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To help prepare myself for my final exam, I wrote a simple Game of Life. I want to expand it to have each sub-population represented by a character, but before I do that, I want to make it more efficient; because right now it's running at about 1 fps, which is way too slow (I'd like at least 3 fps). What I want from a review, mainly is:

  1. Any minor fixes that don't require a refactor.

  2. Any larger fixes that I might need to move things around to implement.

  3. Any other notable things regarding safety/style.

I appreciate any and all feedback that might help prepare me for my exam.

To represent a 2D point - StaticPoint.h

#ifndef STATICPOINT_H
#define STATICPOINT_H

#include <iostream>

class StaticPoint {
protected:
    double x = 0;
    double y = 0;

public:
    StaticPoint();
    StaticPoint(double, double);
    StaticPoint(const StaticPoint&);

    double getX() const;
    double getY() const;

    double distanceTo(const StaticPoint&) const;

    inline bool operator==(const StaticPoint&) const;
    inline bool operator!=(const StaticPoint&) const;
    inline bool operator<(const StaticPoint&) const;
    inline bool operator>(const StaticPoint&) const;
};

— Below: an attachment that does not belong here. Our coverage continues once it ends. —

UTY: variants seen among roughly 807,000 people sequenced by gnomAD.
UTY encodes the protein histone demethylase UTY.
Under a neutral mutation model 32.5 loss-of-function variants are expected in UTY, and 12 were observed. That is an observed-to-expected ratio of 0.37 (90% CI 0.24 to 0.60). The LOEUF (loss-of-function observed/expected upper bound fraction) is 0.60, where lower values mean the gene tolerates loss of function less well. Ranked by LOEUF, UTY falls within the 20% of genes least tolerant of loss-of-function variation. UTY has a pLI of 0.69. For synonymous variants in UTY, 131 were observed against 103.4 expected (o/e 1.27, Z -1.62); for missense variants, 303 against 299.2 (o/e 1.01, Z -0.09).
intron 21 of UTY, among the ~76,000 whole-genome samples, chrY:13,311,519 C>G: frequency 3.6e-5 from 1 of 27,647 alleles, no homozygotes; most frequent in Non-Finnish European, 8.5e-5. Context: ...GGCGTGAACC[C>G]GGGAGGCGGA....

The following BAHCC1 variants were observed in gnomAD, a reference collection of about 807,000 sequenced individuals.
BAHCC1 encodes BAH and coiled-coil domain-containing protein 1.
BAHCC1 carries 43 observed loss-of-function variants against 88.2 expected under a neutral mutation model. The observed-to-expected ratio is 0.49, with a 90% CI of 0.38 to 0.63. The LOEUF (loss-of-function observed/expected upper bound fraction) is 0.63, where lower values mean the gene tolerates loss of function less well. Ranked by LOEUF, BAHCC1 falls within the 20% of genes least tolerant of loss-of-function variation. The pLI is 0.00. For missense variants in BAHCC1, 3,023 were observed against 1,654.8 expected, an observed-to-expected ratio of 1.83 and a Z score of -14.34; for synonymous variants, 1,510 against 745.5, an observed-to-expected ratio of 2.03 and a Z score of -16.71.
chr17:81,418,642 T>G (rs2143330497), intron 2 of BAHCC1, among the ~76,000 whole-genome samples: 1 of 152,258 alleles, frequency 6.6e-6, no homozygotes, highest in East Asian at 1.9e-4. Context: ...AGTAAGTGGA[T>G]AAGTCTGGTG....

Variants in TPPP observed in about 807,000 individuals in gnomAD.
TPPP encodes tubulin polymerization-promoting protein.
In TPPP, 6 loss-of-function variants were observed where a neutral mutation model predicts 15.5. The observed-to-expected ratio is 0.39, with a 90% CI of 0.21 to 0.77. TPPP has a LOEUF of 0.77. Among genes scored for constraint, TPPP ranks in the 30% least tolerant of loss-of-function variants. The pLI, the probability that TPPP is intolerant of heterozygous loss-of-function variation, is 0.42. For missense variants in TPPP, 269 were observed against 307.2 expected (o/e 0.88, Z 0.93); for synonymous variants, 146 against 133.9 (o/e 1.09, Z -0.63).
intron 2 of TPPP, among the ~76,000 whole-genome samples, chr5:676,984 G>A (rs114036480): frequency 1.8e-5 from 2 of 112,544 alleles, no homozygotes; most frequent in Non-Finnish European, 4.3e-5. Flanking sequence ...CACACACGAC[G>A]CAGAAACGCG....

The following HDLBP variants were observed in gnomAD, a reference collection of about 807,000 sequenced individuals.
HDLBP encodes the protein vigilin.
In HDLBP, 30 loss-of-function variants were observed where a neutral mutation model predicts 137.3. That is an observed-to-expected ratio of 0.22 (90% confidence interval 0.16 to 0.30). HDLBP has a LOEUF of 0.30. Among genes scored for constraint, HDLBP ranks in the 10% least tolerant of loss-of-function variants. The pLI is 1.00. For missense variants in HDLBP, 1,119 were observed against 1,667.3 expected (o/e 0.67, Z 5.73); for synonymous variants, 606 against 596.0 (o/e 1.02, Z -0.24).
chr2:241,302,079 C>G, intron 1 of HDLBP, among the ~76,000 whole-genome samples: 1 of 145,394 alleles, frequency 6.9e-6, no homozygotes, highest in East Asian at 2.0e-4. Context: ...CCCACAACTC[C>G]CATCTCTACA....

std::ostream& operator<<(std::ostream&, const StaticPoint&);

bool StaticPoint::operator==(const StaticPoint& oP) const {
    return x == oP.x && y == oP.y;
}

bool StaticPoint::operator!=(const StaticPoint& oP) const {
    return !(*this == oP);
}

bool StaticPoint::operator<(const StaticPoint& oP) const {
    return x < oP.x || (x == oP.x && y < oP.y);
}

bool StaticPoint::operator>(const StaticPoint& oP) const {
    return *this != oP && !(*this < oP);
}

#endif

StaticPoint.cpp

#include "StaticPoint.h"

StaticPoint::StaticPoint() {

}

StaticPoint::StaticPoint(double nX, double nY) {
    x = nX;
    y = nY;
}

StaticPoint::StaticPoint(const StaticPoint& oP) {
    x = oP.x;
    y = oP.y;
}

double StaticPoint::getX() const {
    return x;
}

double StaticPoint::getY() const {
    return y;
}

double StaticPoint::distanceTo(const StaticPoint& p) const {
    return sqrt( pow(x - p.x, 2) + pow(y - p.y, 2) );
}

std::ostream& operator<<(std::ostream& os, const StaticPoint& p) {
    os << "(" << p.getX() << ", " << p.getY() << ")";
    return os;
}

Represents the cells - Population.h

#ifndef POPULATION_H
#define POPULATION_H

#include <set>
#include <vector>

#include "StaticPoint.h"

class Population {
    std::set<StaticPoint> cells;
public:
    Population();

    static const StaticPoint badCell;

    void addCellToPop(const StaticPoint&);
    void removeCellFromPop(const StaticPoint&);

    void killPopulation();

    StaticPoint getCellAt(double, double) const;
    StaticPoint getCellAt(const StaticPoint&) const;

    bool pointIsOccupied(const StaticPoint&) const;

    int countNeighborsWithin(const StaticPoint&, int depth = 1) const;

    void decideLifeOf(const StaticPoint&);

};

bool cellIsValid(const StaticPoint& c);

std::vector<StaticPoint> getPointsAround(const StaticPoint&, int depth = 1);

#endif

Population.cpp

#include "Population.h"

Population::Population() {

}

const StaticPoint Population::badCell = StaticPoint(std::numeric_limits<double>::lowest(), std::numeric_limits<double>::lowest());